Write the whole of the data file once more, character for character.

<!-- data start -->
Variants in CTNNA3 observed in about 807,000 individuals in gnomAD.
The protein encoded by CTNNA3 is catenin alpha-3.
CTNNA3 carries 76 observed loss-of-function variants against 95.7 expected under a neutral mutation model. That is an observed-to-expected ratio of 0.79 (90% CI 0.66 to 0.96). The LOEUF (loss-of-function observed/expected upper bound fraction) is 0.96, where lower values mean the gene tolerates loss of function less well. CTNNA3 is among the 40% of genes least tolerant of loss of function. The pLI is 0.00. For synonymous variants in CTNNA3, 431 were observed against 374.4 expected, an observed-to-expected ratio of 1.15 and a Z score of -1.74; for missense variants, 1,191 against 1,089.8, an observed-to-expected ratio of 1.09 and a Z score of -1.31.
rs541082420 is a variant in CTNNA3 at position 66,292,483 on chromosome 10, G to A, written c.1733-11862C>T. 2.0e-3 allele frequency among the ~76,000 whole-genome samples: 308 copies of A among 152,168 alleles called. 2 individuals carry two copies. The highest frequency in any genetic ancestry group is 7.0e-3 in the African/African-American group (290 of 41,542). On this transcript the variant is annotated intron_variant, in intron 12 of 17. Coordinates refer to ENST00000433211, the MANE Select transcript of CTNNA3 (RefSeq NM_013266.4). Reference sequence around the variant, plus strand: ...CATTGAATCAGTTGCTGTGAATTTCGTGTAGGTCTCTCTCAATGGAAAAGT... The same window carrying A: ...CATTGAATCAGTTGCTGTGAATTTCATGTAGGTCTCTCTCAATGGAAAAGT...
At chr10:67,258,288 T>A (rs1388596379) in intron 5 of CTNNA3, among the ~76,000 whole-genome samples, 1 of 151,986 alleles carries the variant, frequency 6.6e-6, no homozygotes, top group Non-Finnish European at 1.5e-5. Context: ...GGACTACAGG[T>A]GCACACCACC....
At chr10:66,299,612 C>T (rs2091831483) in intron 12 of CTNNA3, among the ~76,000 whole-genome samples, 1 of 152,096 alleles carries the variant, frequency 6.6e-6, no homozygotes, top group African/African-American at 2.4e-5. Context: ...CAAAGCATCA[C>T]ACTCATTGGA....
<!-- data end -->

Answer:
Variants in CTNNA3 observed in about 807,000 individuals in gnomAD.
The protein encoded by CTNNA3 is catenin alpha-3.
CTNNA3 carries 76 observed loss-of-function variants against 95.7 expected under a neutral mutation model. That is an observed-to-expected ratio of 0.79 (90% CI 0.66 to 0.96). The LOEUF (loss-of-function observed/expected upper bound fraction) is 0.96, where lower values mean the gene tolerates loss of function less well. CTNNA3 is among the 40% of genes least tolerant of loss of function. The pLI is 0.00. For synonymous variants in CTNNA3, 431 were observed against 374.4 expected, an observed-to-expected ratio of 1.15 and a Z score of -1.74; for missense variants, 1,191 against 1,089.8, an observed-to-expected ratio of 1.09 and a Z score of -1.31.
rs541082420 is a variant in CTNNA3 at position 66,292,483 on chromosome 10, G to A, written c.1733-11862C>T. 2.0e-3 allele frequency among the ~76,000 whole-genome samples: 308 copies of A among 152,168 alleles called. 2 individuals carry two copies. The highest frequency in any genetic ancestry group is 7.0e-3 in the African/African-American group (290 of 41,542). On this transcript the variant is annotated intron_variant, in intron 12 of 17. Coordinates refer to ENST00000433211, the MANE Select transcript of CTNNA3 (RefSeq NM_013266.4). Reference sequence around the variant, plus strand: ...CATTGAATCAGTTGCTGTGAATTTCGTGTAGGTCTCTCTCAATGGAAAAGT... The same window carrying A: ...CATTGAATCAGTTGCTGTGAATTTCATGTAGGTCTCTCTCAATGGAAAAGT...
At chr10:67,258,288 T>A (rs1388596379) in intron 5 of CTNNA3, among the ~76,000 whole-genome samples, 1 of 151,986 alleles carries the variant, frequency 6.6e-6, no homozygotes, top group Non-Finnish European at 1.5e-5. Context: ...GGACTACAGG[T>A]GCACACCACC....
At chr10:66,299,612 C>T (rs2091831483) in intron 12 of CTNNA3, among the ~76,000 whole-genome samples, 1 of 152,096 alleles carries the variant, frequency 6.6e-6, no homozygotes, top group African/African-American at 2.4e-5. Context: ...CAAAGCATCA[C>T]ACTCATTGGA....